From this day forward our dedication must be deep, our commitment sure, and our action certain. God’s work and way are contemporary in every age. There is no waiting for tomorrow—expectations from our time to another. It is cowardly and without faith to cry that the situation will adjust itself. Our time under God is now!!
—Dr. Earnest A. Smith
The history of the Black Church is a long and strong one. Starting in 1758 when John Wesley baptized his first Black convert. Black people have been faithful, committed, active members of the Methodist, and later United Methodist church. Even faced with the challenges of slavery, the church split, Central Jurisdiction, Black people continued to remain faithful. Faithful being could not be separated from faith doing.
God's grace in the experience of Black people helps give perspective on the challenges Black people face within the faith community and the community at large.
Black people clearly believe that God restores, reconstruct, redeems, reconcile, revitalize, and renews all Christians within the faith community.
In spite of this strong history, over the last twenty years, Black membership within the United Methodist church has declined. Yet, the Black population has increased. Within the same period of time (1972-1993), there had either been no new Black church starts or very few. Some of the existing churches were on the decline spiritually and physically. In many instances there had, just, been no intentional focus on the needs and concerns of the Black church and Black growth within conferences.
An initiative on Strengthening the Black Church for the 21st Century was developed and passed at the 1996 General Conference.
What is Congregation Vitality
What is a vital congregation and what happens to cause some congregations to experience observable growth and others to stagnate or languish?
It is apparent that the nature of the ministry and level of effectiveness of leadership are critical in the development of vital congregations.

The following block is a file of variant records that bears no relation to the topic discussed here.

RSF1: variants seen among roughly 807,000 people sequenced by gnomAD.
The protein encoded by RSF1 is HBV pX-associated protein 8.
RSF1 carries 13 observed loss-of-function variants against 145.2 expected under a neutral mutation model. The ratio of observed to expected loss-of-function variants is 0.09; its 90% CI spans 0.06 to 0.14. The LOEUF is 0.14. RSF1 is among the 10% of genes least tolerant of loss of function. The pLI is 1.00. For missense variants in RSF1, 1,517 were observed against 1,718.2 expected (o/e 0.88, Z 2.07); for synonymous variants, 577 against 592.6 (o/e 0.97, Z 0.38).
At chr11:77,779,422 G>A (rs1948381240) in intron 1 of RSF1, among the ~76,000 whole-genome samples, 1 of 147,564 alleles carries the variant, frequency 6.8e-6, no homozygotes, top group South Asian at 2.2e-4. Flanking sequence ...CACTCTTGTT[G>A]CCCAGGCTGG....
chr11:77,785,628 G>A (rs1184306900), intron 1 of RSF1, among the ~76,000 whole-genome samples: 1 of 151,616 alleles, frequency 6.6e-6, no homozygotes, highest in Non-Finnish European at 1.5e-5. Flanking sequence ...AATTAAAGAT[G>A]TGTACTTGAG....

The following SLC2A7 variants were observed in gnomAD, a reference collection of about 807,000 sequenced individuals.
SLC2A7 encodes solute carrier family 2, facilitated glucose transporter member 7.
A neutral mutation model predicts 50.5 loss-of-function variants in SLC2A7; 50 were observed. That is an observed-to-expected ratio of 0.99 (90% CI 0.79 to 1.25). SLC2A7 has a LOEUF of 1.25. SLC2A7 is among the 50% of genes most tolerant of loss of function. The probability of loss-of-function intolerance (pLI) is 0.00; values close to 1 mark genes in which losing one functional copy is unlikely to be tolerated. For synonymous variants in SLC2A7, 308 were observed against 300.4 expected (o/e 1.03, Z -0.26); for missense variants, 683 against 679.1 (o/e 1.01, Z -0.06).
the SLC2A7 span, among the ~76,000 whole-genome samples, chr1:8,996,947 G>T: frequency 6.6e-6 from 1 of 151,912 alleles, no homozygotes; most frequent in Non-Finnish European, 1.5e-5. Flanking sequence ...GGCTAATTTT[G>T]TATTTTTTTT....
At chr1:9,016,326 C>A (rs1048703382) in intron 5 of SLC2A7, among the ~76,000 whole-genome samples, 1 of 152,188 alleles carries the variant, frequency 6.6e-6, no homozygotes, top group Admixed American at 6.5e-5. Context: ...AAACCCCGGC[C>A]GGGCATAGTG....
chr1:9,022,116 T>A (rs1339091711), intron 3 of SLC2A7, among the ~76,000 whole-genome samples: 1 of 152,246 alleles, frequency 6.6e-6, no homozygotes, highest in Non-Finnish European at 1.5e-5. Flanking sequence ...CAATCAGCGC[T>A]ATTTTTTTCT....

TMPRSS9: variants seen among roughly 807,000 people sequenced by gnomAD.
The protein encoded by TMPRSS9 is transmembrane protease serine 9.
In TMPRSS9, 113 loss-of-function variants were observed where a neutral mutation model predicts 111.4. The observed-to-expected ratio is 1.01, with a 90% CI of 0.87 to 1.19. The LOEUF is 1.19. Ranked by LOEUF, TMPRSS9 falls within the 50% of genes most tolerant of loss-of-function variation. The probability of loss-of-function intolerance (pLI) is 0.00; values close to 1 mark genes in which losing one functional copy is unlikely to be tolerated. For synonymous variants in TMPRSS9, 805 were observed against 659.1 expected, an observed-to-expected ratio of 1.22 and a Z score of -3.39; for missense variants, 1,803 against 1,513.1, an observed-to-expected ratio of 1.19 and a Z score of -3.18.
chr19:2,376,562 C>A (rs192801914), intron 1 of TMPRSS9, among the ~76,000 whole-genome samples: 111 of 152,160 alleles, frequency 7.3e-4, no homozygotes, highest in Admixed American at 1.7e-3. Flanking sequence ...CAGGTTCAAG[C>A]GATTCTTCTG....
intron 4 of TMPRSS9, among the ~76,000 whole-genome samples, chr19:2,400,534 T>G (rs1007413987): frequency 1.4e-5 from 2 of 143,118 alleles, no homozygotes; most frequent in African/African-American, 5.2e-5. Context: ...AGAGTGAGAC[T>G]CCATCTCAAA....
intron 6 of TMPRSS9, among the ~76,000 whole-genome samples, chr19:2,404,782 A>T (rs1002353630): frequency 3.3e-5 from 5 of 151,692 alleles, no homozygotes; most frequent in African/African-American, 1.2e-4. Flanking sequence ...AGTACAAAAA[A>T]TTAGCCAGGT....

What better gift to give to the church but vital Black congregations leading the way, training, mentoring, nurturing partner churches into vitality. Vital Black churches shall lead the way.
It is our hope that your congregation will be energized by the potential of this Initiative on Strengthening the Black Church for the 21st Century.
Many conferences, districts and local churches are already in marvelous ministries with one another. We hope these ministries will continue in many forms.
We offer the resourcing of Congregation Resource Center teams, located across the five jurisdictions as another tool for revitalizing your congregation.
We own it. We built it. We love it, and we support it. We used it for the Underground Railroad, we used it for a schoolhouse. We used it for mass meetings, we used it for a house of worship. It's been there to when "the storms of life were raging." It's been there when "I've been 'buked and scorned." It's been there "marching till victory is won." It's been there when those now asleep stood on the banks of Jordan and crossed over into campground. ...Bishop Jonathan D. Keaton
The Black Church will always be the solid ground that keeps us from sinking on other sands…
God bless each of you as we work together to strengthen the whole church for the betterment of the Kingdom.